Ukraine at the Czech festival “Literature Night”

The Czech festival “Literature Night” 2020 took place in 55 cities across the Czech Republic as well in 5 other countries.

The Literature Night (Noc literatury) festival is held annually to increase public interest in contemporary European literature and its currents of thought and creativity. It also points out the importance of multilingualism and the importance of translations from large and small languages. This year, the Literature Night took place in 55 cities across the Czech Republic and in 5 countries.

“This year’s Literature Night festival in Prague was one of few events in the Czech literary and publishing industry having taken place in the usual “offline” format. The Literature Night is usually one of the most visited literary events in the Czech Republic. This year, however, the coronavirus pandemic has made some changes in the cultural life of the country, but even so, almost 200 people came to дшіеут ещ an excerpt from V. Rafeenko’s book in Prague (bearing in mind that due to the quarantine restrictions max. 20 people could attend one reading at a time.) In addition to Prague, the Ukrainian passage was also read in Hradec Králové, Pisek, Železna Ruda and others”, said Perebyinis Eugene, Ambassador Extraordinary and Plenipotentiary of Ukraine to the Czech Republic.

During the festival, famous actors of cinema and theater read excerpts from selected translated and published books within current year by European authors. On October 7, Volodymyr Rafeenko’s novel “Long Times” represented Ukraine. Excerpts from the Czech translation by Tereza Khlanova and Kateryna Gazukina were read by actor Igor Orozovych.

Volodymyr Rafeenko is a Ukrainian writer, a representative of modern Ukrainian postmodernism, who was born in Donetsk and wrote in Russian until 2018. Having moved to Kyiv region in 2014, he learned Ukrainian, later started writing in Ukrainian. In 2018, the novel “Long Times” was shortlisted for the Taras Shevchenko National Prize of Ukraine, and the author received the Visegrad Eastern Partnership Literary Award. In 2019, he published his first novel in Ukrainian “Mondegrin (songs about death and love)”. He is the author of poetic and prose works, including novels, short stories, poems and poems in prose.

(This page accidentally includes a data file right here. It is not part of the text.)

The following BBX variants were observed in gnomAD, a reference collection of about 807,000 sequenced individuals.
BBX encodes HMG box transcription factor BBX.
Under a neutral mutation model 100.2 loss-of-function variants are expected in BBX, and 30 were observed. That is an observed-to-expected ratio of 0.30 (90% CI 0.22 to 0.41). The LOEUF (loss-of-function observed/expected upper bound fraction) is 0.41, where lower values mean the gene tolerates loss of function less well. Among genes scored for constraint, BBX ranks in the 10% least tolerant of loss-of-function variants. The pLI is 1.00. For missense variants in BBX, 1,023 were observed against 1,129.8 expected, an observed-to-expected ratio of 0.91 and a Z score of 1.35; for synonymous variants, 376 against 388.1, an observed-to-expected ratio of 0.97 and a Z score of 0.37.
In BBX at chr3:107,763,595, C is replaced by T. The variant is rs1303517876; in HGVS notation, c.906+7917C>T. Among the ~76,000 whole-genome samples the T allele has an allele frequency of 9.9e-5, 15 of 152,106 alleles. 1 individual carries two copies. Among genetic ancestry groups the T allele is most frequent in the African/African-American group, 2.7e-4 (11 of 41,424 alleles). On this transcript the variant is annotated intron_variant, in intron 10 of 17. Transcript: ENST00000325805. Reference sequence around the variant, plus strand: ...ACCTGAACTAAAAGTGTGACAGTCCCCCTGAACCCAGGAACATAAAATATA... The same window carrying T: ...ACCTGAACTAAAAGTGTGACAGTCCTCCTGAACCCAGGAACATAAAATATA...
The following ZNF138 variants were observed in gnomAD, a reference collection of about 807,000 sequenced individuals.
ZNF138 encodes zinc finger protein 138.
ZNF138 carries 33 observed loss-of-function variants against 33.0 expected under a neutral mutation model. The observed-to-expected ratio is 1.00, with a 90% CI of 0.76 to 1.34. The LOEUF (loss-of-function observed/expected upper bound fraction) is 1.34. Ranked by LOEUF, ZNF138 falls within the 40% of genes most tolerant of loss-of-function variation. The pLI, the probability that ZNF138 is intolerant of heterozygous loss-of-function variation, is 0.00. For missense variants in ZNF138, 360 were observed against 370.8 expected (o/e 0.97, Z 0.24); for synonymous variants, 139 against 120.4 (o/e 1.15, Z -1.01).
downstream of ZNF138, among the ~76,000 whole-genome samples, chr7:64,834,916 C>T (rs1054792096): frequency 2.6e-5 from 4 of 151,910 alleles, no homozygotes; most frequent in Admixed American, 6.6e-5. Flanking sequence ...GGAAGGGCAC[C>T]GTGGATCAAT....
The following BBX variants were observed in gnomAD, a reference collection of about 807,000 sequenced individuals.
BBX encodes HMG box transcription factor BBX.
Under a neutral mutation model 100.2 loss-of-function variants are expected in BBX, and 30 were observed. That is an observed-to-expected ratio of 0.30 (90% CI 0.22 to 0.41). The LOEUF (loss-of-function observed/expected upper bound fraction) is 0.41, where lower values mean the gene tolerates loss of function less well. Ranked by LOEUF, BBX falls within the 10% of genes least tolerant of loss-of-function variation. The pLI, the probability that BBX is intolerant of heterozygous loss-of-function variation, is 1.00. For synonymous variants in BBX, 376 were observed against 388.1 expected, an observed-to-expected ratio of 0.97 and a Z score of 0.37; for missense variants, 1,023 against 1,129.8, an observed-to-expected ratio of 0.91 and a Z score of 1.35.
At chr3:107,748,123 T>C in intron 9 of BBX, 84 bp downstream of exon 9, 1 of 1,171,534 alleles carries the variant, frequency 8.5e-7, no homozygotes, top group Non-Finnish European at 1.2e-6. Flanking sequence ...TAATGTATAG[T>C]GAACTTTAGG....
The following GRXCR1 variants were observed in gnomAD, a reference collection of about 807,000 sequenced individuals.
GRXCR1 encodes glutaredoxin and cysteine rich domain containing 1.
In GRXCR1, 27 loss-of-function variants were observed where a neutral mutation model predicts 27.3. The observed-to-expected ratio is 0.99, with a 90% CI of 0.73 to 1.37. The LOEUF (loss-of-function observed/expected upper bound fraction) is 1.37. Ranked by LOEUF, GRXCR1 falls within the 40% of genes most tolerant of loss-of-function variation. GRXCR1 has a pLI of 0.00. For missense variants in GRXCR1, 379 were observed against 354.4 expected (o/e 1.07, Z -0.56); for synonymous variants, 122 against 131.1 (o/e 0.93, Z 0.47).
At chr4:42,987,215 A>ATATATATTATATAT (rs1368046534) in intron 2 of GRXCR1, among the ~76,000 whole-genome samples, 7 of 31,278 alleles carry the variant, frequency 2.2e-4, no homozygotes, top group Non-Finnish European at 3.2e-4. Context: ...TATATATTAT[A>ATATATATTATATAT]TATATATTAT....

“We choose books in collaboration with embassies and translators. We try to take their opinion into account as to which book to present. First of all, we choose from books that have been published in Czech translation over the last two years and reflect current ideas and creative ideas. I understand well why Ukraine, where the military conflict has been going on for six years, is represented by a book about the war, which is an important topic that we, Europeans, have no right to forget.

Nevertheless, next time I would gladly listen to an excerpt from Ukrainian piece of literature, rather less complex, or even humorous, book to get to know your country from a different perspective”, commented Adriana Krasova, an employee of the Czech Centers and coordinator of the Literature Night.

In 2019, Ukraine became the first participant of the Festival from non-EU countries. This year the participation was organized due to the cooperation of the Ukrainian Institute and the Embassy of Ukraine in the Czech Republic. The Ambassador added:

“This project had not only literary but also political importance for us, as for the second year in a row Ukraine is the only country that is not a member of the EU, but participates in the festival. Agree, it is already symbolic. It was our first project, jointly implemented with the Ukrainian Institute. I hope, however, that this is just the beginning of our fruitful cooperation in the future. “

The project has been organized by the Czech Centers since 2006.Adriana Krasova described the idea of presenting Ukrainian literature at the festival: “Last year, we contacted Ukraine with a proposal to join the festival in the context of the 10th anniversary of the Eastern Partnership, as the Czech Republic is at the origins of this initiative. Ukrainians are the second largest group of foreigners in the Czech Republic, so, of course, we are interested in their literature. Last year, the popularity of Ukrainian readings was pretty high, so we wanted Ukraine to take part in the festival again. In general, we like to work with small or less-known literature. Apart from Ukrainian literature, Roma literature was also presented at the festival.”

The project has been organized since 2006. The project is implemented by the Czech Centers in collaboration with the EUNIC cluster Prague (Association of National Cultural Institutes of the EU Countries), foreign embassies in the Czech Republic and the Labyrint publishing house.

Photos: Filip Šach